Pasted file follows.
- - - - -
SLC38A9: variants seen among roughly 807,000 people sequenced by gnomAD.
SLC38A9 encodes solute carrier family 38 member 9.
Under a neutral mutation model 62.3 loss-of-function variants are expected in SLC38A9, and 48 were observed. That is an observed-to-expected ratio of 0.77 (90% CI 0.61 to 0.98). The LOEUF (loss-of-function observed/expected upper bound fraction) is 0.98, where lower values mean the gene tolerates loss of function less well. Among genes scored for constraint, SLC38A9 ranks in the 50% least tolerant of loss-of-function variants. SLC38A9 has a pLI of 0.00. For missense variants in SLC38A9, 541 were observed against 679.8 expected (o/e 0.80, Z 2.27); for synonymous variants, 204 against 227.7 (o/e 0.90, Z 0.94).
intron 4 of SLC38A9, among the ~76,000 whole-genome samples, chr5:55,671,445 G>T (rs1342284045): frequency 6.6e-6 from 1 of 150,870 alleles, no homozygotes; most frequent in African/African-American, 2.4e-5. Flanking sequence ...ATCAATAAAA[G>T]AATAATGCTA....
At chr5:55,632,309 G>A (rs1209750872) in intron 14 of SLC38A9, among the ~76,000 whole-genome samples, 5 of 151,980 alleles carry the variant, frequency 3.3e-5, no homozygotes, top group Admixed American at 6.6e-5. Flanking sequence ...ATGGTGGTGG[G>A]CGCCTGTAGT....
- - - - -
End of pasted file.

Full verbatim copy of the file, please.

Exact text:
SLC38A9: variants seen among roughly 807,000 people sequenced by gnomAD.
SLC38A9 encodes solute carrier family 38 member 9.
Under a neutral mutation model 62.3 loss-of-function variants are expected in SLC38A9, and 48 were observed. That is an observed-to-expected ratio of 0.77 (90% CI 0.61 to 0.98). The LOEUF (loss-of-function observed/expected upper bound fraction) is 0.98, where lower values mean the gene tolerates loss of function less well. Among genes scored for constraint, SLC38A9 ranks in the 50% least tolerant of loss-of-function variants. SLC38A9 has a pLI of 0.00. For missense variants in SLC38A9, 541 were observed against 679.8 expected (o/e 0.80, Z 2.27); for synonymous variants, 204 against 227.7 (o/e 0.90, Z 0.94).
intron 4 of SLC38A9, among the ~76,000 whole-genome samples, chr5:55,671,445 G>T (rs1342284045): frequency 6.6e-6 from 1 of 150,870 alleles, no homozygotes; most frequent in African/African-American, 2.4e-5. Flanking sequence ...ATCAATAAAA[G>T]AATAATGCTA....
At chr5:55,632,309 G>A (rs1209750872) in intron 14 of SLC38A9, among the ~76,000 whole-genome samples, 5 of 151,980 alleles carry the variant, frequency 3.3e-5, no homozygotes, top group Admixed American at 6.6e-5. Flanking sequence ...ATGGTGGTGG[G>A]CGCCTGTAGT....